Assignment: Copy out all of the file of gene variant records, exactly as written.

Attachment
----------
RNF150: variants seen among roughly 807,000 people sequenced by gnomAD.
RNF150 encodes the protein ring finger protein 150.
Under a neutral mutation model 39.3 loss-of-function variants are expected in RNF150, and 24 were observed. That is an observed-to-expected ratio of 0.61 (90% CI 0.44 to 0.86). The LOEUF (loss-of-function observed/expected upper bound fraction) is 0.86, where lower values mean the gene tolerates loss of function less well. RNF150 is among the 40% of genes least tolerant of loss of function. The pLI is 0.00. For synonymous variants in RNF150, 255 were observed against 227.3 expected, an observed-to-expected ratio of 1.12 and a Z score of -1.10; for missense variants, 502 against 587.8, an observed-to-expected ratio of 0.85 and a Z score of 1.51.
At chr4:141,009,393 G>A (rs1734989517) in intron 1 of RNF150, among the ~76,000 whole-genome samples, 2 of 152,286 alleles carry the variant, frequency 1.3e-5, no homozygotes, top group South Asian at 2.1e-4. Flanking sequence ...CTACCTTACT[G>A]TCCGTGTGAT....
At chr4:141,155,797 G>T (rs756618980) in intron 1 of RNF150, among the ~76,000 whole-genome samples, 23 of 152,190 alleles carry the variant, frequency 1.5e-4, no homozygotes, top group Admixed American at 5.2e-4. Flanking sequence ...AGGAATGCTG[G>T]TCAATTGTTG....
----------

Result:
RNF150: variants seen among roughly 807,000 people sequenced by gnomAD.
RNF150 encodes the protein ring finger protein 150.
Under a neutral mutation model 39.3 loss-of-function variants are expected in RNF150, and 24 were observed. That is an observed-to-expected ratio of 0.61 (90% CI 0.44 to 0.86). The LOEUF (loss-of-function observed/expected upper bound fraction) is 0.86, where lower values mean the gene tolerates loss of function less well. RNF150 is among the 40% of genes least tolerant of loss of function. The pLI is 0.00. For synonymous variants in RNF150, 255 were observed against 227.3 expected, an observed-to-expected ratio of 1.12 and a Z score of -1.10; for missense variants, 502 against 587.8, an observed-to-expected ratio of 0.85 and a Z score of 1.51.
At chr4:141,009,393 G>A (rs1734989517) in intron 1 of RNF150, among the ~76,000 whole-genome samples, 2 of 152,286 alleles carry the variant, frequency 1.3e-5, no homozygotes, top group South Asian at 2.1e-4. Flanking sequence ...CTACCTTACT[G>A]TCCGTGTGAT....
At chr4:141,155,797 G>T (rs756618980) in intron 1 of RNF150, among the ~76,000 whole-genome samples, 23 of 152,190 alleles carry the variant, frequency 1.5e-4, no homozygotes, top group Admixed American at 5.2e-4. Flanking sequence ...AGGAATGCTG[G>T]TCAATTGTTG....